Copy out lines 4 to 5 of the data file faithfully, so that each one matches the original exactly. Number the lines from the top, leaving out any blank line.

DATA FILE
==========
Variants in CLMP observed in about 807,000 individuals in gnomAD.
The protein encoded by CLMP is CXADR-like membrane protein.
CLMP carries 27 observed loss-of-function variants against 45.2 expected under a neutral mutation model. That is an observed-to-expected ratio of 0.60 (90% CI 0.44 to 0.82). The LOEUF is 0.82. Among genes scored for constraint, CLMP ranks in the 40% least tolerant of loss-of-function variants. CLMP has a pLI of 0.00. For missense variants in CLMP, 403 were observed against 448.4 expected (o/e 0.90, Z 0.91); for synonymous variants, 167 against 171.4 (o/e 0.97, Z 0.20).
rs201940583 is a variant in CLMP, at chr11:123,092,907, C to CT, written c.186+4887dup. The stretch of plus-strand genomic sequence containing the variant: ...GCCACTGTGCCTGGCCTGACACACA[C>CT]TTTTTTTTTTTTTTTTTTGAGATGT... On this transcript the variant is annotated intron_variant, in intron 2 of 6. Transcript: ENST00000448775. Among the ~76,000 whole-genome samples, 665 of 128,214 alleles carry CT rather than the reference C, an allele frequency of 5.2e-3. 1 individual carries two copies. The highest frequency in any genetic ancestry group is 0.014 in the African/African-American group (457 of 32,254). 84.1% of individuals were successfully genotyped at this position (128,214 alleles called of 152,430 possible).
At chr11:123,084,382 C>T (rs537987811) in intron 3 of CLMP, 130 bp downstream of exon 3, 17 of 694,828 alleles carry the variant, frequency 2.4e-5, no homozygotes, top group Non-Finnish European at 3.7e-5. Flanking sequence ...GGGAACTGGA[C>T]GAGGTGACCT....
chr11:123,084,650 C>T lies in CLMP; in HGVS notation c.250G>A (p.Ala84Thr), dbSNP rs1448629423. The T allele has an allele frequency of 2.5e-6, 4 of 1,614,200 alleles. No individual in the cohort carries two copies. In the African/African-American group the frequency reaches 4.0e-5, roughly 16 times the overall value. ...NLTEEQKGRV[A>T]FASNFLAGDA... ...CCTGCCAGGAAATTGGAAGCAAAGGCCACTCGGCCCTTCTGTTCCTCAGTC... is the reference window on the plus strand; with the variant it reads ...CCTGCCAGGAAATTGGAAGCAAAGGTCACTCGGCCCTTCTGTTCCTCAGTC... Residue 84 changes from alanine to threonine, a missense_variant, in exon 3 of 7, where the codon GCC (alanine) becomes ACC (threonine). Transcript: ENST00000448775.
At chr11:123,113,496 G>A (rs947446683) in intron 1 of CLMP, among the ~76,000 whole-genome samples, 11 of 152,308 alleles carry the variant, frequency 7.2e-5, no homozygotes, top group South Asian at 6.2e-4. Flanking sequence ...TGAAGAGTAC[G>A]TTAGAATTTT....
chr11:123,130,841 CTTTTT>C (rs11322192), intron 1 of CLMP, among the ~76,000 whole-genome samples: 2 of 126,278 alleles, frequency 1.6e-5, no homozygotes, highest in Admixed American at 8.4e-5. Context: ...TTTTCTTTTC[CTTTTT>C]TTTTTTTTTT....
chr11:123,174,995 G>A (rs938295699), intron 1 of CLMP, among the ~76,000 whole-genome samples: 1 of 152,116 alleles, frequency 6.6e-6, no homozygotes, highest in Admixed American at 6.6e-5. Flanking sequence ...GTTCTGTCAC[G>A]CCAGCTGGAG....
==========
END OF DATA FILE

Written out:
rs201940583 is a variant in CLMP, at chr11:123,092,907, C to CT, written c.186+4887dup. The stretch of plus-strand genomic sequence containing the variant: ...GCCACTGTGCCTGGCCTGACACACA[C>CT]TTTTTTTTTTTTTTTTTTGAGATGT... On this transcript the variant is annotated intron_variant, in intron 2 of 6. Transcript: ENST00000448775. Among the ~76,000 whole-genome samples, 665 of 128,214 alleles carry CT rather than the reference C, an allele frequency of 5.2e-3. 1 individual carries two copies. The highest frequency in any genetic ancestry group is 0.014 in the African/African-American group (457 of 32,254). 84.1% of individuals were successfully genotyped at this position (128,214 alleles called of 152,430 possible).
At chr11:123,084,382 C>T (rs537987811) in intron 3 of CLMP, 130 bp downstream of exon 3, 17 of 694,828 alleles carry the variant, frequency 2.4e-5, no homozygotes, top group Non-Finnish European at 3.7e-5. Flanking sequence ...GGGAACTGGA[C>T]GAGGTGACCT....